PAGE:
Degree Name

Doctor of Philosophy


School of Chemistry


Due to an increasing demand for development of cost-effective portable microfluidics using textile substrates, a foundation study on the effect of fibre surface chemistry on the performance of textiles was undertaken to elucidate its applicability to textile-based microfluidics (Chapter 3). Composite fibres consisting of low-density polyethylene (LDPE) fibres with liquid crystalline graphene oxide (LCGO) fillers, at a range of loadings, were successfully prepared by a melt spinning process and then incorporated in parallel with commercial polyester yarns (PET), via a tubular knitting process, to produce 3D textile-based microfluidic structures. It was shown that the LCGO filler increased the surface polarity of fibres, as a result of accumulation of oxygen on the polymer surface, and the increase in O/C ratio amplified the surface and inter-fibre capillary fluid driving force in textile structure. Fluid was shown to move up to 6x faster in 3D knitted structures comprised of 5w/w% LCGO/LDPE fibre compared to the knitted structure without any composite fibre. It was demonstrated that the ion rejection and/or absorption phenomenon which occur between fluid ions and fibre surface functional groups played the most important role in determination of fluid flow rate. The flow rate achievable was found to be proportional to the LCGO loading, providing the potential to control flow through fibre composition. Significantly, using this approach fluid pumping of fluid against a gravity feed head height (anti-gravitational) was observed as a consequence of the LCGO filler interactions at the surface of the LDPE/LCGO composite fibres.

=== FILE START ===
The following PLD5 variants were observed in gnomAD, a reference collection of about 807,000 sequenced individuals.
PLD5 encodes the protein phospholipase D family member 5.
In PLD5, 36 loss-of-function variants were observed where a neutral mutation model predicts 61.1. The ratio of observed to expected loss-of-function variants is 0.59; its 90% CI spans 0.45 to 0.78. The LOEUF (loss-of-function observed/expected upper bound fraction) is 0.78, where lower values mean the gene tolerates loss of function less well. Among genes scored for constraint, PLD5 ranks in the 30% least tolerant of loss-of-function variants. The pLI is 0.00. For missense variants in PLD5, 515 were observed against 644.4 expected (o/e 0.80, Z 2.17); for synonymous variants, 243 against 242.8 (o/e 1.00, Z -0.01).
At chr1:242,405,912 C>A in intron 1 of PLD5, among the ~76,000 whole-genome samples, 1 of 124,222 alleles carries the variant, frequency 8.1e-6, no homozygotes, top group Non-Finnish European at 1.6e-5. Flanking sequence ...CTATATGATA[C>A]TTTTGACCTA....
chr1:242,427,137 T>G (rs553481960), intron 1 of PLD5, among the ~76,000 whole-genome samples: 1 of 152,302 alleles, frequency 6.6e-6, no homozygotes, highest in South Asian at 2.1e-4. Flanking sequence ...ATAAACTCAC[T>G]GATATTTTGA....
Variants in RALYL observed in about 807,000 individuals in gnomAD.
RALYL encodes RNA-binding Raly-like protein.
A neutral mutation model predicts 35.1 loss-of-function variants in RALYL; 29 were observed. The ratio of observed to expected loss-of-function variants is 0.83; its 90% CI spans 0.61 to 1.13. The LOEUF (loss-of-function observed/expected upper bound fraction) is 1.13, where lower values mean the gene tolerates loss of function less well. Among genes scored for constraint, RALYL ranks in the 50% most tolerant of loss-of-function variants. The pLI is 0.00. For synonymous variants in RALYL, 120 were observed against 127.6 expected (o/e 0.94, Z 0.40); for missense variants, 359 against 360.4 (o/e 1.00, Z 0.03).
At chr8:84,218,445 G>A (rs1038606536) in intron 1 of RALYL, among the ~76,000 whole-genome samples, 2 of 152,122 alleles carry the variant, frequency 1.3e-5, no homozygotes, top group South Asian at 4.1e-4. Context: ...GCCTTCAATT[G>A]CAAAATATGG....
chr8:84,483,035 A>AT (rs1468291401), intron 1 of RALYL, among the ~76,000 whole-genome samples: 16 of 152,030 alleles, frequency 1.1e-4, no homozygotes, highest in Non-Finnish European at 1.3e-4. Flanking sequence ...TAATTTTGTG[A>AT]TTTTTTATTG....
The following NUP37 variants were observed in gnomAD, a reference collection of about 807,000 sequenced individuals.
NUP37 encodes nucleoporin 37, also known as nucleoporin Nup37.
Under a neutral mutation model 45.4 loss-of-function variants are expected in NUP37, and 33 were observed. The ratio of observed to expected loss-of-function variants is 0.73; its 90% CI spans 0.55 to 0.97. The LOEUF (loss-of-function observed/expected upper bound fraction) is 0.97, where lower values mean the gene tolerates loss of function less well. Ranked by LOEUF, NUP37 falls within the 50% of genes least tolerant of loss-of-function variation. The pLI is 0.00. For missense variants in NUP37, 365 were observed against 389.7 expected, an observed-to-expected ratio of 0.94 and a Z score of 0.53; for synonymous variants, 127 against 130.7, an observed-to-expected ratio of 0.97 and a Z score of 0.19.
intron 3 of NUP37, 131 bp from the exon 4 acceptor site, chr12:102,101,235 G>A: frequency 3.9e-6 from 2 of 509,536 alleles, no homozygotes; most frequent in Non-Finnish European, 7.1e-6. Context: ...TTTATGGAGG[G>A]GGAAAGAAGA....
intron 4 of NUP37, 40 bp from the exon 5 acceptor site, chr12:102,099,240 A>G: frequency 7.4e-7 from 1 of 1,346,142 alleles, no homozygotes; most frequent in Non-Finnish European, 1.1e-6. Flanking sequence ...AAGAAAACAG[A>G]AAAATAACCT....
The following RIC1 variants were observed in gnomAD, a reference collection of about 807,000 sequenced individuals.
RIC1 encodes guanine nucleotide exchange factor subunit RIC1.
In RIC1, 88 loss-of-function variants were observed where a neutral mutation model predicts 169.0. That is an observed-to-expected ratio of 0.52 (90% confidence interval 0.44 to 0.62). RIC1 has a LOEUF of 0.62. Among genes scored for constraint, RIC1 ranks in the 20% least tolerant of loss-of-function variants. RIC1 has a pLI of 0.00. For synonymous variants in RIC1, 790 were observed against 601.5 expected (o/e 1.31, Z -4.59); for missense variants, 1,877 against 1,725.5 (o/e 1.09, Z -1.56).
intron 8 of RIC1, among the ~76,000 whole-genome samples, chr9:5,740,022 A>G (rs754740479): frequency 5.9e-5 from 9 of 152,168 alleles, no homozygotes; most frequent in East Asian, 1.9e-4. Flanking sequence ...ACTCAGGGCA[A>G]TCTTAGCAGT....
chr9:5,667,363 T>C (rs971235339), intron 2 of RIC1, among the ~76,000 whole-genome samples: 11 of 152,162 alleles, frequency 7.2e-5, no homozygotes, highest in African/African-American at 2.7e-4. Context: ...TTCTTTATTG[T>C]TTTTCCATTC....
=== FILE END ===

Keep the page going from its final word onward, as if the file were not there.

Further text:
Recently, electric fields have been used to move or separate analytes in textile-based microfluidics to achieve a precise control over the fluid flow. However, applying electric fields to move or separate solutes within fluids typically results in Joule-heating which adversely affects the efficiency of the separations. In this thesis, the idea of preparing thermally conducting fibres and assembling them into 3D textile structures to facilitate dissipating the Joule-heating was investigated (Chapter 4) using LDPE/LCGO composite fibres, where LCGO was partially reduced to impart improved thermal conductivity. LCGO/LDPE composite fibres were successfully prepared and incorporated into a 3D PET knitted structures and their capability to dissipate the Joule-heating in electrofluidic experiments probed. Monitoring the temperature change during electrofluidic experiments showed that incorporation of reduced LCGO/LDPE fibres into 3D knitted structures resulted in lower temperature rise during the experiments and more importantly, final temperature decreased by an increase in the LCGO loading. However, loading more than 5 w/w% LCGO into LDPE fibres, utilising a powder coating and melt spinning approach, proved to be impractical due to agglomeration of LCGO within composite fibres resulting in poor mechanical properties and therefore limited knittability.